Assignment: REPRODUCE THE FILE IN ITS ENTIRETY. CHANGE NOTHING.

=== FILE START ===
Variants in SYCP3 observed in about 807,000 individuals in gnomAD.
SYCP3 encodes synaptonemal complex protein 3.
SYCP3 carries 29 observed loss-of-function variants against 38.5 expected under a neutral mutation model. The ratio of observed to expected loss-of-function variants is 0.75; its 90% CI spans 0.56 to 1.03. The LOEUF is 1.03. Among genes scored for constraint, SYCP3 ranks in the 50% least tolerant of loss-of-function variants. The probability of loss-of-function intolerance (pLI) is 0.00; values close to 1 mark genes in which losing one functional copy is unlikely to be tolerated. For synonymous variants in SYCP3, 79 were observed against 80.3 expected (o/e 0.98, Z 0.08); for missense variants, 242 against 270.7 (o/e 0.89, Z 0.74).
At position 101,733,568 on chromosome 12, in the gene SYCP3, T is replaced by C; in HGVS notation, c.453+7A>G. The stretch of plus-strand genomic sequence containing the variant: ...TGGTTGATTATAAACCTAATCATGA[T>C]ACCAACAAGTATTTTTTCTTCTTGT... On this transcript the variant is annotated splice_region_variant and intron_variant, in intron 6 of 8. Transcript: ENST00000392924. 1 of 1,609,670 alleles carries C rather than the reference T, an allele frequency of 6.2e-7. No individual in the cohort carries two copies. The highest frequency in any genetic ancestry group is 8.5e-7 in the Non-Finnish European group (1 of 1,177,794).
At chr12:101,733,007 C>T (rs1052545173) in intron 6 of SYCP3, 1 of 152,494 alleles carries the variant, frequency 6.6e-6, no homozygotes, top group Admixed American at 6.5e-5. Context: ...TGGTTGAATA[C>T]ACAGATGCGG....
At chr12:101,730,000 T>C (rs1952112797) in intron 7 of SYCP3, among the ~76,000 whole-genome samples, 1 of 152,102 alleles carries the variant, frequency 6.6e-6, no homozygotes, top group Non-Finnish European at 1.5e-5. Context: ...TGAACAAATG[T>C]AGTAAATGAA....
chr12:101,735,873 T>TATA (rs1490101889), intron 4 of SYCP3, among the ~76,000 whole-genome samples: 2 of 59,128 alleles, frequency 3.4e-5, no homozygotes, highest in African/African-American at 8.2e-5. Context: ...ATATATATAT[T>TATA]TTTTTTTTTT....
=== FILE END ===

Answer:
Variants in SYCP3 observed in about 807,000 individuals in gnomAD.
SYCP3 encodes synaptonemal complex protein 3.
SYCP3 carries 29 observed loss-of-function variants against 38.5 expected under a neutral mutation model. The ratio of observed to expected loss-of-function variants is 0.75; its 90% CI spans 0.56 to 1.03. The LOEUF is 1.03. Among genes scored for constraint, SYCP3 ranks in the 50% least tolerant of loss-of-function variants. The probability of loss-of-function intolerance (pLI) is 0.00; values close to 1 mark genes in which losing one functional copy is unlikely to be tolerated. For synonymous variants in SYCP3, 79 were observed against 80.3 expected (o/e 0.98, Z 0.08); for missense variants, 242 against 270.7 (o/e 0.89, Z 0.74).
At position 101,733,568 on chromosome 12, in the gene SYCP3, T is replaced by C; in HGVS notation, c.453+7A>G. The stretch of plus-strand genomic sequence containing the variant: ...TGGTTGATTATAAACCTAATCATGA[T>C]ACCAACAAGTATTTTTTCTTCTTGT... On this transcript the variant is annotated splice_region_variant and intron_variant, in intron 6 of 8. Transcript: ENST00000392924. 1 of 1,609,670 alleles carries C rather than the reference T, an allele frequency of 6.2e-7. No individual in the cohort carries two copies. The highest frequency in any genetic ancestry group is 8.5e-7 in the Non-Finnish European group (1 of 1,177,794).
At chr12:101,733,007 C>T (rs1052545173) in intron 6 of SYCP3, 1 of 152,494 alleles carries the variant, frequency 6.6e-6, no homozygotes, top group Admixed American at 6.5e-5. Context: ...TGGTTGAATA[C>T]ACAGATGCGG....
At chr12:101,730,000 T>C (rs1952112797) in intron 7 of SYCP3, among the ~76,000 whole-genome samples, 1 of 152,102 alleles carries the variant, frequency 6.6e-6, no homozygotes, top group Non-Finnish European at 1.5e-5. Context: ...TGAACAAATG[T>C]AGTAAATGAA....
chr12:101,735,873 T>TATA (rs1490101889), intron 4 of SYCP3, among the ~76,000 whole-genome samples: 2 of 59,128 alleles, frequency 3.4e-5, no homozygotes, highest in African/African-American at 8.2e-5. Context: ...ATATATATAT[T>TATA]TTTTTTTTTT....